I have an old bike here in Florida. I sent the frame and fork up to NY while I was in NY to repaint it and remove the rust. I used Duplicolor Mirage paint. Purple and Green, It shifts color as the viewing angle changes. Sent it back to Florida and put it back together. I had trouble shifting and found the rear derailleur hangar was slightly bent. I took a look at the Park tool, around $60 - $70 and decided that for the one time it was not worth buying the tool. I figured I could put something together my self, not as good as the Park tool, but good enough. The most difficult part - finding the M10 - 1 bolt to screw into the hangar. That is a metric extra fine thread. I was able to locate them and some M10-1 nuts on ebay. The arm is a 1 inch aluminum angle from Lowe's. I use a small clamp and a pencil for the 'indicator' After around $10 the tool, which is not real elegant, worked fine. I can't bend the hangar using my tool. and I can't slide the indicator on the aluminum angle, but it got me a lot closer to an exact alignment.
    Last edited by will; 12-24-2012 at 03:26 PM.
    Now I can see the darkness .

  7. #37
    *Flashaholic*
    Join Date
    Nov 2003
    Location
    Flushing, NY
    Posts
    5,892

    Default Re: Bent rear derailleur hanger Airborne titanium frame

    Quote Originally Posted by will View Post
    I have an old bike here in Florida. I sent the frame and fork up to NY while I was in NY to repaint it and remove the rust. I used Duplicolor Mirage paint. Purple and Green, It shifts color as the viewing angle changes. Sent it back to Florida and put it back together. I had trouble shifting and found the rear derailleur hangar was slightly bent. I took a look at the Park tool, around $60 - $70 and decided that for the one time it was not worth buying the tool. I figured I could put something together my self, not as good as the Park tool, but good enough. The most difficult part - finding the M10 - 1 bolt to screw into the hangar. That is a metric extra fine thread. I was able to locate them and some M10-1 nuts on ebay. The arm is a 1 inch aluminum angle from Lowe's. I use a small clamp and a pencil for the 'indicator' After around $10 the tool, which is not real elegant, worked fine. I can't bend the hangar using my tool. and I can't slide the indicator on the aluminum angle, but it got me a lot closer to an exact alignment.
    Modern derailleurs are actually somewhat tolerant of misalignment, meaning you can be a degree or two off and everything probably will work OK.

    Over seven months and 3000+ miles after my realignment, all is still well. The chain broke about a week after I rejoined it. The second time around I used a punch to flatten the end of the pin so it wouldn't slide out again. No problems ever since. In fact, the bike has been largely trouble free other than routine maintenance like brake cables, chain cleaning, occasional truing. Only mishap was a broken rear hub shell but I had put 1500 miles on the wheels, in addition to whatever the original owner put on them. I bought a new set of wheels since I figured I was due.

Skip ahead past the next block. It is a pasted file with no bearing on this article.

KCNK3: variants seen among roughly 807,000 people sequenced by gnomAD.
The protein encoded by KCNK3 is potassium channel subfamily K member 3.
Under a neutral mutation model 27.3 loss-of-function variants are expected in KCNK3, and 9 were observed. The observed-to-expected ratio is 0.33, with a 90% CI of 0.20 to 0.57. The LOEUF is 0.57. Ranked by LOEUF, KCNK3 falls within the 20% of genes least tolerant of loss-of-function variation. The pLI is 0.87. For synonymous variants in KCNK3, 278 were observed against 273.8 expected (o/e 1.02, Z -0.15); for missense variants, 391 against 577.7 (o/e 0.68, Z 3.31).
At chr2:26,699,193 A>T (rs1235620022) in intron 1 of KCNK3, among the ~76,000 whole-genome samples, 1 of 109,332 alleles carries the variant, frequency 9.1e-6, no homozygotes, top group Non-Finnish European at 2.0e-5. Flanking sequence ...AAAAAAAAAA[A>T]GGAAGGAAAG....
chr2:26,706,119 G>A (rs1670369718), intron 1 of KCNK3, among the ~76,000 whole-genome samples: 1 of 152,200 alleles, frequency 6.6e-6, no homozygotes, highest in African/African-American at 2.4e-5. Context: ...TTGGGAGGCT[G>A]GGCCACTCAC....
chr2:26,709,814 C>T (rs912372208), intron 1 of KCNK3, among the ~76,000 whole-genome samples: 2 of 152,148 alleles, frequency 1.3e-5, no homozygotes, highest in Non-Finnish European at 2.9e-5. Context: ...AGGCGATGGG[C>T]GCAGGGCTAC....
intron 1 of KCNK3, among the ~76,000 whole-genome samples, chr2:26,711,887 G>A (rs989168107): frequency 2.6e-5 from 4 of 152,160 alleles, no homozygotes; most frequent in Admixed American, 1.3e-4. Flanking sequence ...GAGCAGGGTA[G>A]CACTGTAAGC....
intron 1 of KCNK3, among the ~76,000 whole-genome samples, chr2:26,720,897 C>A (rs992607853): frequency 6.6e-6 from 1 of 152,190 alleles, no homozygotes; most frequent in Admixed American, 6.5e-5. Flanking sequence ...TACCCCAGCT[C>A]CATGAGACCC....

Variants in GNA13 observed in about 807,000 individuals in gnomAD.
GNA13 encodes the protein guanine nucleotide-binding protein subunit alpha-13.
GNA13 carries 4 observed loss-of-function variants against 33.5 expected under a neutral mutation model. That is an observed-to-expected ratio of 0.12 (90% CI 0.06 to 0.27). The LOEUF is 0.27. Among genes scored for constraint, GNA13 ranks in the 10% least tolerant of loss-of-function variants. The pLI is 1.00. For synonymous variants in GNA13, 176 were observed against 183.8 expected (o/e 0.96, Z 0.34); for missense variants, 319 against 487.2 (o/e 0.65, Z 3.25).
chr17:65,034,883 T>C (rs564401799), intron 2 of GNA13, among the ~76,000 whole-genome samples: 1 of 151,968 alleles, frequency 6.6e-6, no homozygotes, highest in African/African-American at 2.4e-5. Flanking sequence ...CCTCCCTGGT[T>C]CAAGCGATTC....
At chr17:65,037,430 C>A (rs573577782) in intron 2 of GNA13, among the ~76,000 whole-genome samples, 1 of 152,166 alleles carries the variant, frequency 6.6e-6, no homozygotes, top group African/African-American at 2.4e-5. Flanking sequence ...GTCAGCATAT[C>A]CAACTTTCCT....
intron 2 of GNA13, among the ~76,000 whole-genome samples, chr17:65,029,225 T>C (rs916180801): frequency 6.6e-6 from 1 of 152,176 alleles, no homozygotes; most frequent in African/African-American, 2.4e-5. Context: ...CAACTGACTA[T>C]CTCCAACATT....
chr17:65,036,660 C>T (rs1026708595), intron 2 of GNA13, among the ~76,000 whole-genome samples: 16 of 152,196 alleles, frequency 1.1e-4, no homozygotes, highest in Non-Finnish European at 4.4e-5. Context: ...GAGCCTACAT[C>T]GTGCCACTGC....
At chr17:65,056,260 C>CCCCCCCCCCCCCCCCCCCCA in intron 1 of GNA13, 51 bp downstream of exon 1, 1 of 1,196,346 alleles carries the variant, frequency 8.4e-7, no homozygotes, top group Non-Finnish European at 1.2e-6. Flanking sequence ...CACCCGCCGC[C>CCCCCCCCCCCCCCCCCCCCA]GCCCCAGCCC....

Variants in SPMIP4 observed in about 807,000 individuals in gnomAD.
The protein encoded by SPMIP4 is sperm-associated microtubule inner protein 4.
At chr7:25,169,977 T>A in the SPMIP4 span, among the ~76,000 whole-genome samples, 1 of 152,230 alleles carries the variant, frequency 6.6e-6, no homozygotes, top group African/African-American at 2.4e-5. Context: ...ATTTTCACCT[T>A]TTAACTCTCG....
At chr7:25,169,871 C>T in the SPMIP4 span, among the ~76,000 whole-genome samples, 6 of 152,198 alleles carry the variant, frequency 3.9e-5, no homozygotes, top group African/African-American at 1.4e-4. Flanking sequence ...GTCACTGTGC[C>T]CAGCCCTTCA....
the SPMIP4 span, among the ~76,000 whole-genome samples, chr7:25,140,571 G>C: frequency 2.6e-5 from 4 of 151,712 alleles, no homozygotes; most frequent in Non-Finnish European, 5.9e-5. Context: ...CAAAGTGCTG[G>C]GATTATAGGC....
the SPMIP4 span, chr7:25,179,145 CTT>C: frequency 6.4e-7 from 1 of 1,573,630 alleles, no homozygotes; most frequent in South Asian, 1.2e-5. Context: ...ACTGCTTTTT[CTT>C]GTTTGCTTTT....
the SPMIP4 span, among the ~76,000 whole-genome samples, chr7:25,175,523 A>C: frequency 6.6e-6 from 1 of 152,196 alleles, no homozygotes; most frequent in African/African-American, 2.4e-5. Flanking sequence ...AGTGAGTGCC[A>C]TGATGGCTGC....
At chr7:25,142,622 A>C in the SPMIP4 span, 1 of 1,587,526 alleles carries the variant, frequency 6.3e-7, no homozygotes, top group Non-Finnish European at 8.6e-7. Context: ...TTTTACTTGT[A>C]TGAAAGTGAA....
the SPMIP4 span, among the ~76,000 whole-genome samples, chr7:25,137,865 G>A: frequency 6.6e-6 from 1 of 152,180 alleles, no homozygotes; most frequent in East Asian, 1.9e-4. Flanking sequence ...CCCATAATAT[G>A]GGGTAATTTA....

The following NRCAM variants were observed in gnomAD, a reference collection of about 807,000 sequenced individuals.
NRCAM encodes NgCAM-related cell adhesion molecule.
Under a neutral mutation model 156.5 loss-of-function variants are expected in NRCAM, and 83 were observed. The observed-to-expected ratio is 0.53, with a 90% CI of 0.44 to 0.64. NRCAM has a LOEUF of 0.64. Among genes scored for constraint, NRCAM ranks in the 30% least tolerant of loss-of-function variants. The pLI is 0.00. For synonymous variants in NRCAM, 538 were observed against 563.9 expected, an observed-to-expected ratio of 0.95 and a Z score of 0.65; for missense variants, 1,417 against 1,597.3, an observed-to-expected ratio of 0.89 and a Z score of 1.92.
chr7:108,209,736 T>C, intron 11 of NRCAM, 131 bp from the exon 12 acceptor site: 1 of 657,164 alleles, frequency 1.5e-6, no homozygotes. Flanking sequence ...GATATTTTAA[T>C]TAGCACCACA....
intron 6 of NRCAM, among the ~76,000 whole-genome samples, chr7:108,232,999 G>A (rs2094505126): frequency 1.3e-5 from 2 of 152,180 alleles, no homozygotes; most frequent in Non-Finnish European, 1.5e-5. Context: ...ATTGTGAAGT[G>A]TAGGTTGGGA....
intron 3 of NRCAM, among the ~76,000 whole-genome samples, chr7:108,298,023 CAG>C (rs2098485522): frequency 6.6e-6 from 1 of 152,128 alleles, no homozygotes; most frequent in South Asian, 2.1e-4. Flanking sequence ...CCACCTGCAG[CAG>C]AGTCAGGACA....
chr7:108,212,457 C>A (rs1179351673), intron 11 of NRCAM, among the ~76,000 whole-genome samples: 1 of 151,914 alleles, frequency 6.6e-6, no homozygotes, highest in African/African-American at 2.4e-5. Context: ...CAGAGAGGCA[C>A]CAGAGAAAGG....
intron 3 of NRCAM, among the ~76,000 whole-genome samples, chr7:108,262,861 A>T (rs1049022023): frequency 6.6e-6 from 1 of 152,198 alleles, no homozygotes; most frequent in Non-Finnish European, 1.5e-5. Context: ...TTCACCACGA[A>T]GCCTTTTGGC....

Good luck with your old bike project. I'm going to refurbish my rusty old Raleigh this winter once I can find someplace to weld the broken rear chainstay. Should be a fun project.

  8. #38
    Flashaholic* will's Avatar
    Join Date
    Apr 2004
    Location
    New York
    Posts
    2,597

    Default Re: Bent rear derailleur hanger Airborne titanium frame

    I completely stripped the frame and fork. I tried to get original decals for the bike, no luck with that. I did find a place that makes custom vinyl lettering. Decals would have been better....
    Now I can see the darkness .

  9. #39
    Flashaholic* will's Avatar
    Join Date
    Apr 2004
    Location
    New York
    Posts
    2,597

    Default Re: Bent rear derailleur hanger Airborne titanium frame

    maybe a dumb question - My old Schwinn was a 10 speed road bike in its original form. I converted it to a 14 speed with Shimano Indexed Shifting (SIS) . I replaced the down tube shifters with 7 speed SIS and the rear Cogs with 7 speeds. I also put on a Simano 105 rear derailleur. This all works fine. I am pretty sure the shifter and the number of rear cogs should be the same for the SIS to work properly.

    Is there any difference in the rear derailleur? Other than long arm or short arm... Is the geometry the same for all rear derailleurs?
    Now I can see the darkness .

  10. #40
    *Flashaholic*
    Join Date
    Nov 2003
    Location
    Flushing, NY
    Posts
    5,892

    Default Re: Bent rear derailleur hanger Airborne titanium frame

    Quote Originally Posted by will View Post
    maybe a dumb question - My old Schwinn was a 10 speed road bike in its original form. I converted it to a 14 speed with Shimano Indexed Shifting (SIS) . I replaced the down tube shifters with 7 speed SIS and the rear Cogs with 7 speeds. I also put on a Simano 105 rear derailleur. This all works fine. I am pretty sure the shifter and the number of rear cogs should be the same for the SIS to work properly.